Hours of Training
As a novice rider you must approach cornering and bends with care and a little bit of respect.
Having good forward vision will mean that you can plan ahead for the bend that you are approaching. There will be clues to the severity of the bend, such as road marking, road signs, hedgerows, lamp posts and so on. They are all there to see, you just need to learn how to translate them into a plan.
The road surface, road camber and other road hazards must all be taken into consideration. You should slow down on approach and adopt an appropriate speed and gear for your ability.
On approach apply the brakes before you arrive at the turning point and not during the corner itself. Never use the front brake whilst the bike is leaning over or cornering. If you need to slow down whilst in the corner, this should be done by closing the throttle and gently applying the rear brake only.
The examiner wants to see you riding at the correct speed before arriving at the corner and not braking during bends. You should stay in the centre of your lane when riding but can move position to avoid a hazard in the road or on the road surface. You should move off slippery road surfaces and sunken manhole covers that may be directly on the line you want to take.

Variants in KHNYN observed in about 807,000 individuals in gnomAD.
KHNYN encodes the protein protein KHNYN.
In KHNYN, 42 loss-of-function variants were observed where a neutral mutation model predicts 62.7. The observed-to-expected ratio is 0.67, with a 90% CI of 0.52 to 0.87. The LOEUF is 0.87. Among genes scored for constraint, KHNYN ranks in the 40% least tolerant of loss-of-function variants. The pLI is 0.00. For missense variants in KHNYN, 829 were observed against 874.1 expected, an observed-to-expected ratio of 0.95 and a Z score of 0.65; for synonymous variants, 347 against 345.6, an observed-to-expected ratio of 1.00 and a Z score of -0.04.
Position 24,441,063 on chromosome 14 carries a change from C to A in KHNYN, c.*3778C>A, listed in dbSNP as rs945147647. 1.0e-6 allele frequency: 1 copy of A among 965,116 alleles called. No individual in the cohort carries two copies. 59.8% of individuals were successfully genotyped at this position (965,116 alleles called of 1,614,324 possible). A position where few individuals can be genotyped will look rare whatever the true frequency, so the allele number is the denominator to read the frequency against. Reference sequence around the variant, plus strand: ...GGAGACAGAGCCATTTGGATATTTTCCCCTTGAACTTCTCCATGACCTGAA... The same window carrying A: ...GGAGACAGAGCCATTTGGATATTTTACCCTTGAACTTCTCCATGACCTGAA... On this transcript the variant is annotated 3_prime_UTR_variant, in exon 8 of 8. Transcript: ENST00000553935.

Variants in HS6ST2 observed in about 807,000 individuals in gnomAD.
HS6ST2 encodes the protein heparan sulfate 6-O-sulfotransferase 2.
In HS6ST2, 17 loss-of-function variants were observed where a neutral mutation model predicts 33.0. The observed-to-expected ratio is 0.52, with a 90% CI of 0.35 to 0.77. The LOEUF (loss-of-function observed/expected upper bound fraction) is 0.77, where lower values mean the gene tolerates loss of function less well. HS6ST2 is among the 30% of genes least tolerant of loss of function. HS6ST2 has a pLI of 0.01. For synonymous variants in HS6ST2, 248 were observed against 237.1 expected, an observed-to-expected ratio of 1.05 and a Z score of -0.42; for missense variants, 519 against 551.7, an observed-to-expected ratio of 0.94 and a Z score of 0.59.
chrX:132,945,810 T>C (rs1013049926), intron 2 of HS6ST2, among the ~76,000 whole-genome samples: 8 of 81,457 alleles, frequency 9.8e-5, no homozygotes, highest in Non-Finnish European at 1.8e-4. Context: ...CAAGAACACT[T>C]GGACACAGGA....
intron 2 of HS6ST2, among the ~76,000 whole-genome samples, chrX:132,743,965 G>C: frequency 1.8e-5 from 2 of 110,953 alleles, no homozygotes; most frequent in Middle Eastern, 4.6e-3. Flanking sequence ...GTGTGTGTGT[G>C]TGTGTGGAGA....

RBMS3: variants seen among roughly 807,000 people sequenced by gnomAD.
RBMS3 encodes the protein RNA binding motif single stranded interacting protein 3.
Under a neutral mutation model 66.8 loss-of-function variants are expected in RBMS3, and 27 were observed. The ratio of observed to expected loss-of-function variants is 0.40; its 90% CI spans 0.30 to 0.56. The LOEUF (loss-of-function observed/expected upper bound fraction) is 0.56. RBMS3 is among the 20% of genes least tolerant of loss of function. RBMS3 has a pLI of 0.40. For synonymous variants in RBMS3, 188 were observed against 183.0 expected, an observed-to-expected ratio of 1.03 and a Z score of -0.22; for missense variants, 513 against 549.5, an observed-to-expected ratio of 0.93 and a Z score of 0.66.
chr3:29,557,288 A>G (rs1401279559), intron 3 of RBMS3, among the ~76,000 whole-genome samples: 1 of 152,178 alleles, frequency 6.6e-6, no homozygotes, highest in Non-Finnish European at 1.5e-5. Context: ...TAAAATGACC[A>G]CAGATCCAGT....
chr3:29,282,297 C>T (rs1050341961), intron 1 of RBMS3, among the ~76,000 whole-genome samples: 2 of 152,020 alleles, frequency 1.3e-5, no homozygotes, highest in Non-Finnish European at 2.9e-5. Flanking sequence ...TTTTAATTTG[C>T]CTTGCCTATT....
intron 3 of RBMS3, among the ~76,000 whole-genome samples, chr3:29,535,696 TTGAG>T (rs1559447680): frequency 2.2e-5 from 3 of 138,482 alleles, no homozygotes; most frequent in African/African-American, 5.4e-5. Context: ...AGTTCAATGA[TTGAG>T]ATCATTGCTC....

Professional motorcycle training and practice are recommended to help you master cornering, counter steering is a superb way of negotiating corners and must be taught from an early stage of riding. If you have never heard of it, speak to your instructor.
You must fully understand these skills before taking your Module Two motorcycle test.
Motorcycle Riders Hub is an online eLearning training and guidance platform for all riders. It helps riders at different stages in their training to understand how to improve, operate and control their motorcycle.
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